For patients receiving oral anticoagulant (OAC) therapy, deciding whether to add aspirin to their treatment is a common clinical scenario with no clear guidelines to aid practice. We performed a systematic review and meta-analysis of randomized controlled trials comparing these 2 treatment strategies (combined aspirin-OAC therapy vs OAC therapy alone) to assess the therapeutic benefits and risks.
Randomized controlled trials published up to June 2005 in MEDLINE, EMBASE, and Cochrane Library databases.
Randomized controlled trials with at least 3 months of follow-up that compared aspirin-OAC therapy with OAC therapy alone, in which OAC was administered to achieve the same target international normalized ratio or was given at the same fixed dose in both treatment arms.
Two reviewers independently extracted data on study characteristics and outcomes. Pooled odds ratios (ORs) and associated 95% confidence intervals (CIs) were calculated for study outcomes in patients receiving aspirin-OAC therapy and OAC therapy alone.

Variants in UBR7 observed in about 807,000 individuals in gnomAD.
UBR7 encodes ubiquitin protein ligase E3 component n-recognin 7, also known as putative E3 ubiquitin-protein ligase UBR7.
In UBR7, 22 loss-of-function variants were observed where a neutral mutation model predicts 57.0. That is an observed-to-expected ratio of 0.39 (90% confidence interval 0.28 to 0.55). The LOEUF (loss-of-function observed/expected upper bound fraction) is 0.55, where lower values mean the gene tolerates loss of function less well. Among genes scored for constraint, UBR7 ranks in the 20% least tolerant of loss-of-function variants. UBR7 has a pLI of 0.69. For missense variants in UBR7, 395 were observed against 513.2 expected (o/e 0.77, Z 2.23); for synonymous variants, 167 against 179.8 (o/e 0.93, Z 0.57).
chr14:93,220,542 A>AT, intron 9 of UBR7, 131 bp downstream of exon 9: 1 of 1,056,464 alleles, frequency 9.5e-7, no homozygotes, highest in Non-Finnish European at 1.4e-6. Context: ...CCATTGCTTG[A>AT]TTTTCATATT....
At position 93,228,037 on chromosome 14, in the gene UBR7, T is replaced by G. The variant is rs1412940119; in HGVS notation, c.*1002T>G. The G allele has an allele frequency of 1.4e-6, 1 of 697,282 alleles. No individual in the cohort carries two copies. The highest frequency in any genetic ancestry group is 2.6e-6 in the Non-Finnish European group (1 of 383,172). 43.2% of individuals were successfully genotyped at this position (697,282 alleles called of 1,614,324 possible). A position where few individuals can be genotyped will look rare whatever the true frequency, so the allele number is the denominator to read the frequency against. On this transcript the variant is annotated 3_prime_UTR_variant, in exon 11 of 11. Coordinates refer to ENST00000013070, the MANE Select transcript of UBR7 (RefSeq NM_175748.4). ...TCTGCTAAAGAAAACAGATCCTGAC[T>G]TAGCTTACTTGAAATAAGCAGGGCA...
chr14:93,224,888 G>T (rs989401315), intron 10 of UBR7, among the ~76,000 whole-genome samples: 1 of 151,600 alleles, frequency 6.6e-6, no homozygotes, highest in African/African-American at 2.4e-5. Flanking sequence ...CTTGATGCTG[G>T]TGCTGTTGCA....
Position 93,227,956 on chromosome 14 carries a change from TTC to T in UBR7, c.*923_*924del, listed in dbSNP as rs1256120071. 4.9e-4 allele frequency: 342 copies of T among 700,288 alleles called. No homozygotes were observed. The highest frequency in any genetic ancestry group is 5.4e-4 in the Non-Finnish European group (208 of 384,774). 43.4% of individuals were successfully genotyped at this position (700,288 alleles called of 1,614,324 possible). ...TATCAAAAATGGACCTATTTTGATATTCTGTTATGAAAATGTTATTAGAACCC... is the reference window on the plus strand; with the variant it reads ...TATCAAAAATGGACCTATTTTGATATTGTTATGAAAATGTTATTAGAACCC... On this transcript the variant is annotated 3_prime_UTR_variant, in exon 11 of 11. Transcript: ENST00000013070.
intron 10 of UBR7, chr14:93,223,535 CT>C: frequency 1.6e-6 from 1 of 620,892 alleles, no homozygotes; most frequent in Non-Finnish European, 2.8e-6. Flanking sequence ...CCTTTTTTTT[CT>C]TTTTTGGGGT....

Ten studies were included, totaling 4180 patients. The risk for arterial thromboembolism was lower in patients receiving combined aspirin-OAC therapy compared with OAC therapy alone (OR, 0.66; 95% CI, 0.52-0.84). However, these benefits were limited to patients with a mechanical heart valve (OR, 0.27; 95% CI, 0.15-0.49). There was no difference in the risk for arterial thromboembolism with these treatments in patients with atrial fibrillation (OR, 0.99; 95% CI, 0.47-2.07) or coronary artery disease (OR, 0.69; 95% CI, 0.35-1.36). There was no difference in all-cause mortality with either treatment (OR, 0.98; 95% CI, 0.77-1.25). The risk for major bleeding was higher in patients receiving aspirin-OAC therapy compared with OAC therapy alone (OR, 1.43; 95% CI, 1.00-2.02).
Our findings question the current practice of using combined aspirin-OAC therapy except in patients with a mechanical heart valve, given the questionable benefits in reducing thromboembolic events and the increased risk of major bleeding.